Expansion of armed groups during the GNC's termEdit

Many Libyans blamed the GNC and the interim government for a continued lack of security in the country. The interim government struggled to control well-armed militias and armed groups that established during the revolution. Libyans in Benghazi especially began to witness assassinations and kidnapping and perceived the GNC to be turning a blind eye to the deteriorating security situation in the east.

But security concerns increased across the country allowing armed groups to expand in both Tripoli and in the east.

  • In 2012, the assassination of the US ambassador to Libya by Ansar al-Sharia took place.[109]
  • In October 2013, the kidnapping of Prime Minister Ali Zeidan by the LROR took place.
  • The kidnapping of Egyptian diplomats in January 2014 also by the LROR took place.
  • In March 2014, armed protesters allegedly linked to the LROR stormed the GNC parliament building, shooting and injuring two lawmakers and wounding several others.[106]

In April 2014, an anti-terrorist training base called "Camp 27", located between Tripoli and the Tunisian border, was taken over by forces fighting under the control of Abd al-Muhsin Al-Libi, also known as Ibrahim Tantoush,[110] a long-serving Al-Qaeda organizer and former member of the Libyan Islamic Fighting Group.[111] The Islamist forces at Camp 27 have subsequently been described as part of the Libya Shield Force.[112] The Libya Shield Force was already identified by some observers as linked to al-Qaeda as early as 2012.[113][114]

GNC's political isolation lawEdit

Although Islamists were outnumbered by Liberals and Centrists in the GNC, in May 2013 they lobbied for a law "banning virtually everyone who had participated in Gaddafi's government from holding public office". While several Islamist political parties and independents supported the law, as they generally had no associations to the Qaddafi regime, the law enjoyed strong public support. Polls demonstrates that a large majority of the Libyan people supported the exclusion of high-ranking Qaddafi-regime officials.[97]

The law particularly impacts elite expatriates and leaders of liberal parties. There existed reservations that such a law would eliminate technocratic expertise needed in Libya at the time.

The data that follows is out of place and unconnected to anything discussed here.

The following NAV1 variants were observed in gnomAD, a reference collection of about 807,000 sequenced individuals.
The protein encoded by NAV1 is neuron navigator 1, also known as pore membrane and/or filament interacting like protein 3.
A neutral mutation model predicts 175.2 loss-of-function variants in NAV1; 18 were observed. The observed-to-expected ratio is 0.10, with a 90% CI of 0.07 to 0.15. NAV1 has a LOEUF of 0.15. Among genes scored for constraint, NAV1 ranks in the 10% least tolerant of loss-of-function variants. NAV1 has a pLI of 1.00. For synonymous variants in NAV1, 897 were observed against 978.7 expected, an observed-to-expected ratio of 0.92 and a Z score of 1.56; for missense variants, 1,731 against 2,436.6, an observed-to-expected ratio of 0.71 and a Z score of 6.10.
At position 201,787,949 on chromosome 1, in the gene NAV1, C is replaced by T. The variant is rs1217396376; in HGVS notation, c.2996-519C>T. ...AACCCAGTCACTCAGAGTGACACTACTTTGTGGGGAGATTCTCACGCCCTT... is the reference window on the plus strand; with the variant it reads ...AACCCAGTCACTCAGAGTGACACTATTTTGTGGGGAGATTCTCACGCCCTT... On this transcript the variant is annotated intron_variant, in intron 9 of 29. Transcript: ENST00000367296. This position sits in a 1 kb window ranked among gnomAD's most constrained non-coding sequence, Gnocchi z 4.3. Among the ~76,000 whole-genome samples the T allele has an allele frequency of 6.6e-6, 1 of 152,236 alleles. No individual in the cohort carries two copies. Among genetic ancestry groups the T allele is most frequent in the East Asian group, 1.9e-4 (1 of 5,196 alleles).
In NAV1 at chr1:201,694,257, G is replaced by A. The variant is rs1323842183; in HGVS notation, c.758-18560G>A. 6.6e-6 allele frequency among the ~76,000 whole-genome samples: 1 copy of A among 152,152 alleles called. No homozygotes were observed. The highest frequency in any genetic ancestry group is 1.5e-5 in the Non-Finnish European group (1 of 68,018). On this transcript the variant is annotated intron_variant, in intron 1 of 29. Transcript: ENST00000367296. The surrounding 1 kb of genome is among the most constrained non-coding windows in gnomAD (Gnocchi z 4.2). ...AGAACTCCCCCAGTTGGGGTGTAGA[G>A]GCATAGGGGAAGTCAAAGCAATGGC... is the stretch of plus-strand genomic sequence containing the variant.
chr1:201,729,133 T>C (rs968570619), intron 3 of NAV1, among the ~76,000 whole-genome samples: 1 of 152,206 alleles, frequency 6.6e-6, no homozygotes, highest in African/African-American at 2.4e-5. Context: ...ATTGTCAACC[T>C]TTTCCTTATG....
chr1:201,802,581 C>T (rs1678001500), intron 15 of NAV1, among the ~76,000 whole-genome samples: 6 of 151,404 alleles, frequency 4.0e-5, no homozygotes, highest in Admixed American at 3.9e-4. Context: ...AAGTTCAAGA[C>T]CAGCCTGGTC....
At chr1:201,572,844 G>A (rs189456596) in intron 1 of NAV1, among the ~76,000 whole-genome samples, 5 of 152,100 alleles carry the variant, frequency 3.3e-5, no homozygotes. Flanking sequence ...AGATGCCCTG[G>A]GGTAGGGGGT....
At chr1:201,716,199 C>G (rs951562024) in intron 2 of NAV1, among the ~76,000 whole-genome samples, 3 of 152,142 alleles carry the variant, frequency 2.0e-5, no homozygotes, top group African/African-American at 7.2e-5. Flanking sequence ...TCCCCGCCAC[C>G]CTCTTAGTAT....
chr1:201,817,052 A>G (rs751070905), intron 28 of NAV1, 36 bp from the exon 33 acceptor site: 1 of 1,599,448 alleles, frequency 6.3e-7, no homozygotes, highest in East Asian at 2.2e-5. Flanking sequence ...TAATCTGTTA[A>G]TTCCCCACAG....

Armed militiamen stormed government ministries, shut down the GNC itself and demanded the law's passage. This intimidated the GNC into passing the law in which 164 members approved the bill, with only four abstaining and no member opposing it.[97]

Suppression of women's rightsEdit

GNC opponents argue that it was supporting Islamist actions against women. Sadiq Ghariani, the Grand Mufti of Libya, is perceived to be linked closely to Islamist parties. He has issued fatwas ordering Muslims to obey the GNC,[115] and fatwas ordering Muslims to fight against Haftar's forces[116]

In March 2013, Sadiq Ghariani, the Grand Mufti, issued a fatwa against the UN Report on Violence Against Women and Girls. He condemned the UN report for "advocating immorality and indecency in addition to rebelliousness against religion and clear objections to the laws contained in the Quran and Sunnah".[117][118] Soon after the Grand Mufti issued a clarification op-ed that there should be no discrimination between men and women yet women have a greater role in the family, nevertheless, this does not mean Islam violates the rights of women.[119]

Later in 2013, lawyer Hamida Al-Hadi Al-Asfar, advocate of women's rights, was abducted, tortured and killed. It is alleged she was targeted for criticising the Grand Mufti's declaration.[120] No arrests were made.

In June 2013, two politicians, Ali Tekbali and Fathi Sager, appeared in court for "insulting Islam" for publishing a cartoon promoting women's rights.[121] Under sharia law they were facing a possible death penalty. The case caused widespread concern although they were eventually acquitted in March 2014. After the GNC was forced to accept new elections, Ali Tekbali was elected to the new House of Representatives.

Protesters stage a large demonstration in Shahat against the GNC's mandate extension plan.[101]

During Nouri Abusahmain's presidency of the GNC and subsequent to GNC's decision to enforce sharia law in December 2013, gender segregation and compulsory hijab were being imposed in Libyan universities from early 2014, provoking strong criticism from Women's Rights groups.

GNC extends its mandate without electionsEdit

The GNC failed to stand down at the end of its electoral mandate in January 2014, unilaterally voting on 23 December 2013 to extend its power for at least one year. This caused widespread unease and some protests. Residents of the eastern city of Shahat, along with protesters from Bayda and Sousse, staged a large demonstration, rejecting the GNC's extension plan and demanding the resignation of the congress followed by a peaceful power transition to a legitimate body. They also protested the lack of security, blaming the GNC for failing to build the army and police.[101] Other Libyans rejecting the proposed mandate rallied in Tripoli's Martyrs Square and outside Benghazi's Tibesti Hotel, calling for the freeze of political parties and the re-activation of the country's security system.[122]